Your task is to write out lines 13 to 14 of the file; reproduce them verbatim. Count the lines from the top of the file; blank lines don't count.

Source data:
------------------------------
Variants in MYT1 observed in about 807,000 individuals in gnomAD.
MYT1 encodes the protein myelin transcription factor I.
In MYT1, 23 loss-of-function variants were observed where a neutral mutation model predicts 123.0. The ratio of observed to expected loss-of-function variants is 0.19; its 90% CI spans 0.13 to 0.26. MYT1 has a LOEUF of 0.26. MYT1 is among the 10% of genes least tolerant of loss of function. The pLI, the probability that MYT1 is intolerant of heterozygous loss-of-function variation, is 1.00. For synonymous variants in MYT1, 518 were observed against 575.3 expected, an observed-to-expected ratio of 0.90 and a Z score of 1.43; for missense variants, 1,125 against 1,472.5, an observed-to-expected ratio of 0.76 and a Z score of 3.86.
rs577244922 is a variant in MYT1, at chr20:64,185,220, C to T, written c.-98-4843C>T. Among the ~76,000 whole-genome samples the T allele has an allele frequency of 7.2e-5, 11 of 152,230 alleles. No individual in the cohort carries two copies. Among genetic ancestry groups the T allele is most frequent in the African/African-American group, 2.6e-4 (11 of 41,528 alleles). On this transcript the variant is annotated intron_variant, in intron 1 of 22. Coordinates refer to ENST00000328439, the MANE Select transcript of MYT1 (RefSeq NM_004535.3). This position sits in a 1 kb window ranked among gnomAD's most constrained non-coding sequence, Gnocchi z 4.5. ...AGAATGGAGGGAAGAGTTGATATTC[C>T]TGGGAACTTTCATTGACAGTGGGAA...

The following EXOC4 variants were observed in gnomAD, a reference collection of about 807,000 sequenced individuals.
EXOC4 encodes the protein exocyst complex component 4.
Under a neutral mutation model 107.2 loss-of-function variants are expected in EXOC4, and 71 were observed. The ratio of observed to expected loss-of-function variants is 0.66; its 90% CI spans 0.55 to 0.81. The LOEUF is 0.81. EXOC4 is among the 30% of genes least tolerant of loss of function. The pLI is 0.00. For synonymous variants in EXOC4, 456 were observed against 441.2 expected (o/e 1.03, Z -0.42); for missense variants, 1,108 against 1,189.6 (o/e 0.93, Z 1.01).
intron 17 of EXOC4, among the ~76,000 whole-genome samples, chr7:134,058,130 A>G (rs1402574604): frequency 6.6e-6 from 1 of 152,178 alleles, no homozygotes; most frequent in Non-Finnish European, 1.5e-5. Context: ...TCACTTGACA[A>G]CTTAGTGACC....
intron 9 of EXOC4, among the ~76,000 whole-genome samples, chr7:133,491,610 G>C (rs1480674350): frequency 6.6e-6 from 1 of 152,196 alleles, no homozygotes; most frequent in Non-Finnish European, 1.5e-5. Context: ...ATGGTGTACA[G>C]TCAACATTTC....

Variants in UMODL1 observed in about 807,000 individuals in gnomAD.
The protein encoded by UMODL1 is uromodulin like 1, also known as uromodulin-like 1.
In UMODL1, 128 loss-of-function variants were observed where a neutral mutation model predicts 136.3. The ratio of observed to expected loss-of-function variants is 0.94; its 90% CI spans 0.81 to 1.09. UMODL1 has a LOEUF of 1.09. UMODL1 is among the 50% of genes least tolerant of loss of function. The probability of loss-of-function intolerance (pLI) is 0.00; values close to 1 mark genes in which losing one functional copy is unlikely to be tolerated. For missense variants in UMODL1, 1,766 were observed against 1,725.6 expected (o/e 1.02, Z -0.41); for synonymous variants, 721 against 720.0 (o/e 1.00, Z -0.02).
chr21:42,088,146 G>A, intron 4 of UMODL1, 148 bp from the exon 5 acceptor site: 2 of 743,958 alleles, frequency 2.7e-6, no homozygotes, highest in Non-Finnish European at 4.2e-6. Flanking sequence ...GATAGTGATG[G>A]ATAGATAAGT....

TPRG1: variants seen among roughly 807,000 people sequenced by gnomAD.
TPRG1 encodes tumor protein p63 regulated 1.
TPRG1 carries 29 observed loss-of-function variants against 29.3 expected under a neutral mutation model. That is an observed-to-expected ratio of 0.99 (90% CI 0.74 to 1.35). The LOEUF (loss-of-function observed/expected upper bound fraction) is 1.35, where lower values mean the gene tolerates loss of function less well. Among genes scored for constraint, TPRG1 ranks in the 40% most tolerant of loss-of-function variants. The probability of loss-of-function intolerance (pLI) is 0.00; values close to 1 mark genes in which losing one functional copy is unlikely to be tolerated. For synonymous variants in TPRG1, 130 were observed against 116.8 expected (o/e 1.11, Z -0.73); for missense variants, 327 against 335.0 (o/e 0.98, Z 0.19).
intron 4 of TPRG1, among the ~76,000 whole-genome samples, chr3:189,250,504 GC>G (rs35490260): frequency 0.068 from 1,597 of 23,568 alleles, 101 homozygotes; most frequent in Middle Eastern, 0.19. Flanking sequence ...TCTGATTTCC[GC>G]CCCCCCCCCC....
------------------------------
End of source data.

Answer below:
chr21:42,088,146 G>A, intron 4 of UMODL1, 148 bp from the exon 5 acceptor site: 2 of 743,958 alleles, frequency 2.7e-6, no homozygotes, highest in Non-Finnish European at 4.2e-6. Flanking sequence ...GATAGTGATG[G>A]ATAGATAAGT....

TPRG1: variants seen among roughly 807,000 people sequenced by gnomAD.